In the body of the story, recipients can become passive recipients, producing continuers such as "mm hm" or "uh huh" (which show them to be attending but do not shape the story by showing what they make of it). Alternatively, recipients may produce assessments, such as "Wow" or "How terrible" that show what they are making of the story-so-far. Turns of this kind are considered to be more "active" recipiency because they may influence the course of the storytelling, particularly if they display an understanding of the storytelling that is not in line with that of the teller. The most active kind of recipiency (i.e., the kind of turns that may have the most effect on how the telling unfolds) are first pair part turns that actively require the teller to take a particular kind of turn next. According to Jenny Mandelbaum (1989), a first pair part recipient turn, placed just at the point where the teller is apparently about to make fun of one of the recipients, can (by actively influencing what the teller says next) divert the storytelling from making fun of a recipient and convert it into a storytelling in which something good happened. Recipients of storytellings can show different kinds of understanding of the point that the storyteller is trying to make. When a recipient goes along with the point the teller appears to be making, he or she is aligning with the teller. The recipient is affiliating when he or she shows support for the action or perspective apparently espoused by the teller. While alignment and affiliation are not limited to storytelling, storytelling is an environment in which alignment and affiliation often become observable issues for interactants. The recipients' alignment and/or affiliation, or lack of them, are primary ways in which interpersonal work can be undertaken in the storytelling environment.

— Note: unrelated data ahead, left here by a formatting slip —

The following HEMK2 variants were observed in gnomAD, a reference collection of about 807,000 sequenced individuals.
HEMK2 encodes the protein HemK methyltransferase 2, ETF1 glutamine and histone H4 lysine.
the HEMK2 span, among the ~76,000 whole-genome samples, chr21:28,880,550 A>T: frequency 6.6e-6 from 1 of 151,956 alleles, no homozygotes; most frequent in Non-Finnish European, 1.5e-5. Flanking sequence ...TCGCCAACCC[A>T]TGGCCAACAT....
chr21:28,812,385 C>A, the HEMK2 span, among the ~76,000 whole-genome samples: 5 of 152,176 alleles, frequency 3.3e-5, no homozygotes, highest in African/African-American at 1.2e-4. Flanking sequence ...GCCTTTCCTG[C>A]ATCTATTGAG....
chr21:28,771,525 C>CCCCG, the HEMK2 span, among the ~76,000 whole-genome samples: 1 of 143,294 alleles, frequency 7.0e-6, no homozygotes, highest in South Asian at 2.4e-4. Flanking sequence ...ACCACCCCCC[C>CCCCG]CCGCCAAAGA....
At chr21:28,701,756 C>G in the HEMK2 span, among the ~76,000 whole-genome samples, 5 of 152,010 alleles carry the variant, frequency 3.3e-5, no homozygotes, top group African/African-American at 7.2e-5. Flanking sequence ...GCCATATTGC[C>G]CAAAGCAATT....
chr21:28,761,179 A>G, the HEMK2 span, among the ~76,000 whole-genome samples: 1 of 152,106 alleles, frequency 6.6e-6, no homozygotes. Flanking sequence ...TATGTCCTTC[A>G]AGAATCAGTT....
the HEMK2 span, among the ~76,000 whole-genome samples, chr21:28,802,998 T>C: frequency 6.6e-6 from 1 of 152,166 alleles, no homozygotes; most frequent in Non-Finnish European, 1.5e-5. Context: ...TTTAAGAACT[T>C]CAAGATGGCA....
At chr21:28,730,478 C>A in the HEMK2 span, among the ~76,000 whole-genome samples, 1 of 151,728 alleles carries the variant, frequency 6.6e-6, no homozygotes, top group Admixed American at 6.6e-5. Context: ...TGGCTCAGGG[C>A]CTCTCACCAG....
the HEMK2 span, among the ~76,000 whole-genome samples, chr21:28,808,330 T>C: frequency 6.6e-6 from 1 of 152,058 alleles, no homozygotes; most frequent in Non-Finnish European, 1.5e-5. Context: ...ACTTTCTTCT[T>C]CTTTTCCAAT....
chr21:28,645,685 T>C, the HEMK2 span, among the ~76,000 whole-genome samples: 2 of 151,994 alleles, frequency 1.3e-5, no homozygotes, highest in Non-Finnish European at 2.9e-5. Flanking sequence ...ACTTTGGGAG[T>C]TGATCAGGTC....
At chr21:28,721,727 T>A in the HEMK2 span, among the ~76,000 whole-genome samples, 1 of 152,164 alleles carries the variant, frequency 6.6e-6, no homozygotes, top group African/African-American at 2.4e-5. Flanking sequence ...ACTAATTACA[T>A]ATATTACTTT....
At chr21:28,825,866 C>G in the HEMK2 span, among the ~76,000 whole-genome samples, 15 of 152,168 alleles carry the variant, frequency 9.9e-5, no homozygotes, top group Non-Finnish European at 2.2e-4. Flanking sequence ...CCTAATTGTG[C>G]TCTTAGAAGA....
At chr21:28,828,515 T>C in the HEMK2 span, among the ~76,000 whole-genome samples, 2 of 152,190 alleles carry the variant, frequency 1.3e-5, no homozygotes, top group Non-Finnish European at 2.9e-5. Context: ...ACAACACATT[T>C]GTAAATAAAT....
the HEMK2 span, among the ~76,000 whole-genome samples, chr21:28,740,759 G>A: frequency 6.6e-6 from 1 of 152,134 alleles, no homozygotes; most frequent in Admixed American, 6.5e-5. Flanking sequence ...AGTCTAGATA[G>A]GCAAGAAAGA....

Collaboration between teller and recipients is also necessary at the possible end of the storytelling. When the teller produces turns that suggest that the storytelling is possibly complete, the recipient must show a realization of the possible completion in order for turn-by-turn talk to resume. Thus, conversational storytelling is interactively constructed throughout its course. This demonstrates that the normative structures for conversation that have been described above are just that—normative structures that are constructed and enacted by interactants. That is to say, they are not fixed rules, but rather, they are the communicators' organized solutions to the structural problems that are embodied in the activity of interacting.

See also:Group Communication; Interpersonal Communication; Interpersonal Communication, Conversation and; Language and Communication; Storytelling.


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Jenny Mandelbaum